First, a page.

The completion of the combine provides an opportunity to reassess the stock of this year’s prospects. Here are ten players who will be rising and falling as a result of this weekend’s combine.

Risers

REC Daniel Petermann, McMaster

Not included in the CFL scouting bureau’s top-twenty rankings from December, Petermann made a case to be considered one of the draft’s top pass catchers with an excellent combine in Winnipeg. Posting a combine-best 4.56 40-yard dash — which, given the poor quality of the testing surface, would likely have been a 4.40 under optimal conditions — and a 39-inch vertical jump, Petermann has all the athleticism required to be a first-round pick.

DL Bo Banner, Central Washington

Banner was one of the players featured on my list of players with the most to gain at the combine and he showed why with an impressive performance in the testing and pass rushing one-on-ones. Possessing the “quick twitch” off the line that teams covet, one scout told me Banner was the best pass rusher “by a mile” in a relatively weak defensive line class.

OL Justin Lawrence, Alberta

Lawrence, another player featured on my combine gainers piece, helped himself by producing respectable testing numbers and performing well in the one-on-ones. Lawrence interviews well and was coached by a fourteen-year CFL offensive lineman at Alberta in Chris Morris — two things that should help teams consider Lawrence as a legitimate member of this year’s strong offensive line class.

RB Ryder Stone, Dartmouth

Stone came into the combine with less buzz than any of the combine’s other ball carriers and outperformed them all in testing. Stone ran a 4.75 40-yard dash — which, again, on a proper surface translates to approximately a 4.60 — and was top-ten overall with times of 7.17 in the three-cone and 4.25 in the shuttle. Interviewing with eight of nine CFL clubs, it’s clear Stone has gained the attention of teams.

DB Isaiah Guzylak-Messam, Wilfrid Laurier

Running a great 40-yard dash (4.60) and showing well in the one-on-ones, Guzylak-Messam showed scouts that he has to potential to be a starting safety in the CFL. The only thing that may prevent Guzylak-Messam from rising more is the overall quality of this year’s class of defensive backs, which many scouts consider the deepest in years.

Fallers

OL Peter Godber, Rice

Players need to fully participate in the combine in order to help their draft stock and Godber, currently ranked fourth by the league’s scouting bureau, was sent home after feeling “sick” on Saturday morning. A client of controversial agent Johnathon Hardaway, Godber’s refusal to participate in the combine following his team interviews will see his stock fall.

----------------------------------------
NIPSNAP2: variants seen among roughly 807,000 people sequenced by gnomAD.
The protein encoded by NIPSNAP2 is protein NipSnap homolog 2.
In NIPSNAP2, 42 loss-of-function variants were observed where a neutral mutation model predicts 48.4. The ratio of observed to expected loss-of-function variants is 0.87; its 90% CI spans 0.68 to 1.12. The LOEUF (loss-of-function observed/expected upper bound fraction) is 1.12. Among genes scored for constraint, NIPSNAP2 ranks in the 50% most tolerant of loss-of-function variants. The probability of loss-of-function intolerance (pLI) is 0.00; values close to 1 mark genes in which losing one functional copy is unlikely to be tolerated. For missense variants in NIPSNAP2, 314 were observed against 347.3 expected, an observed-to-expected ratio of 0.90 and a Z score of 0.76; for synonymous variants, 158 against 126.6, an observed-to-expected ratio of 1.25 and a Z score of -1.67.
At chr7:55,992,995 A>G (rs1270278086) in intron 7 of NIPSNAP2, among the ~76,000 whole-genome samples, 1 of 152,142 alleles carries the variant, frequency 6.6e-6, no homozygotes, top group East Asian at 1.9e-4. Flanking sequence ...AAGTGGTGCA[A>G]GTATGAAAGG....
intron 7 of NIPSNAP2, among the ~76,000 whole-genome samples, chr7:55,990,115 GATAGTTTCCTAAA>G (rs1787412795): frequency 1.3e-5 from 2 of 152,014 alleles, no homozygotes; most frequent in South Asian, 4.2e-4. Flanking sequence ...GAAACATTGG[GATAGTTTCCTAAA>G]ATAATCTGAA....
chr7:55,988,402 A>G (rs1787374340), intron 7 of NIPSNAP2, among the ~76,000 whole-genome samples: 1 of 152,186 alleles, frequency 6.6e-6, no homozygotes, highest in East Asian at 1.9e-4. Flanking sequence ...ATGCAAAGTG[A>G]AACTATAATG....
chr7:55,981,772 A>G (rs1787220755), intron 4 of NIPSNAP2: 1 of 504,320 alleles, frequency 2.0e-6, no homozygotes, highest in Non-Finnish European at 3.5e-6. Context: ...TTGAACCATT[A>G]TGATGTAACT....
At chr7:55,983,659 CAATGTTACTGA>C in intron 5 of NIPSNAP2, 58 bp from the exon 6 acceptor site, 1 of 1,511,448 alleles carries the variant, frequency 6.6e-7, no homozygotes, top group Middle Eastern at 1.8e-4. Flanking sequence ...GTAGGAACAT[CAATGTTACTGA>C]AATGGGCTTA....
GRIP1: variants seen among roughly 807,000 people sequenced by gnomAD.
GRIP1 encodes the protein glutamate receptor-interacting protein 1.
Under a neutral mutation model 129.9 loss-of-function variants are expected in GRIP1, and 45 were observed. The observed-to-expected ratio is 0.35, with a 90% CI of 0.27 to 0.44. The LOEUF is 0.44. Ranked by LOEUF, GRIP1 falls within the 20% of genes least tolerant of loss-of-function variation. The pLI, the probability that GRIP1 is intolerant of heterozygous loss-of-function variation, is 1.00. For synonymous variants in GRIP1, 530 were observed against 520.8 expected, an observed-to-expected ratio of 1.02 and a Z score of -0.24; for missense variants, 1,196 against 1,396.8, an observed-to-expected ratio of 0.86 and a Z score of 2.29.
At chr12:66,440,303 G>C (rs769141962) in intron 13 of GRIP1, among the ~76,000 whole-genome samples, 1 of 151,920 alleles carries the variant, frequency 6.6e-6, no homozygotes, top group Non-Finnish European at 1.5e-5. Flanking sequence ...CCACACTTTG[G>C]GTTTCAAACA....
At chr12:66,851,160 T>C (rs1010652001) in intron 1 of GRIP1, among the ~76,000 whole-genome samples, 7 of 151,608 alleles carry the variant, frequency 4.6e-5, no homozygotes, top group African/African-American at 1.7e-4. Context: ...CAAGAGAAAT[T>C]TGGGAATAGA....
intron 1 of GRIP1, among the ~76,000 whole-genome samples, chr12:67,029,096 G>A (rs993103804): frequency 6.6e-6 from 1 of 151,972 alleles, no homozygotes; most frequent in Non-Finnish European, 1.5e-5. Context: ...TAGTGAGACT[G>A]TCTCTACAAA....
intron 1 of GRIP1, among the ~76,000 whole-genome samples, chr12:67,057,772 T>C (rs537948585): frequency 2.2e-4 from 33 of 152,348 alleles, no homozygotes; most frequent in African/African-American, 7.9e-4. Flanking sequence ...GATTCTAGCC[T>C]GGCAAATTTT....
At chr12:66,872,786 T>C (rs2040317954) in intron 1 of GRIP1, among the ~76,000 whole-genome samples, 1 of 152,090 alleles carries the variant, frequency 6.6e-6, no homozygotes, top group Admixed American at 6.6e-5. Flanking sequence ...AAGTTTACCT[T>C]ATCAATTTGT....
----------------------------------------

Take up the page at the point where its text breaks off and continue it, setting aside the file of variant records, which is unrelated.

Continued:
DL Kene Onyeka, Carleton

Originally considered to be the top pass rusher in the draft, Onyeka’s stock will fall after the emergence of American-born Bo Banner. Onyeka didn’t help himself with a lackluster performance in the one-on-one pass rushing drills and some mediocre testing numbers that included a 5.15 40-yard dash and just twelve reps on the bench press. Onyeka was one of my players will the most to lose at this year’s combine.

RB Alex Taylor, Western

Taylor didn’t have an awful combine, but he failed to live up to the top-twenty ranking he received from the league’s scouting bureau in December. An elite USports talent, a disappointing 4.90 40-yard dash and relatively lean frame may lead scouts to question whether Taylor’s skills will translate to the pro game.

LB Nelkas Kwemo, Queen’s

Kwemo posted the worst testing numbers of all nine linebackers at the combine in the 40-yard dash (5.11), three-cone (7.85) and shuttle (4.65). Kwemo posted some impressive statistics as a senior (48 tackles, seven tackles for loss, and four sacks), but teams will question how much he’ll be able to contribute at the pro level due to his limited athleticism.

DL Norvell McGlaun, Indiana State

At 5’11, 309, McGlaun simply doesn’t have a pro-ready body at this point in time. Testing poorly in the speed and agility drills, McGlaun completed just twenty reps on the bench — a decent (but far from elite) number for his stature.

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John Hodge is a lifelong follower of the CFL who has been writing about the league since 2014. He is a two-time finalist of the Jon Gott lookalike contest.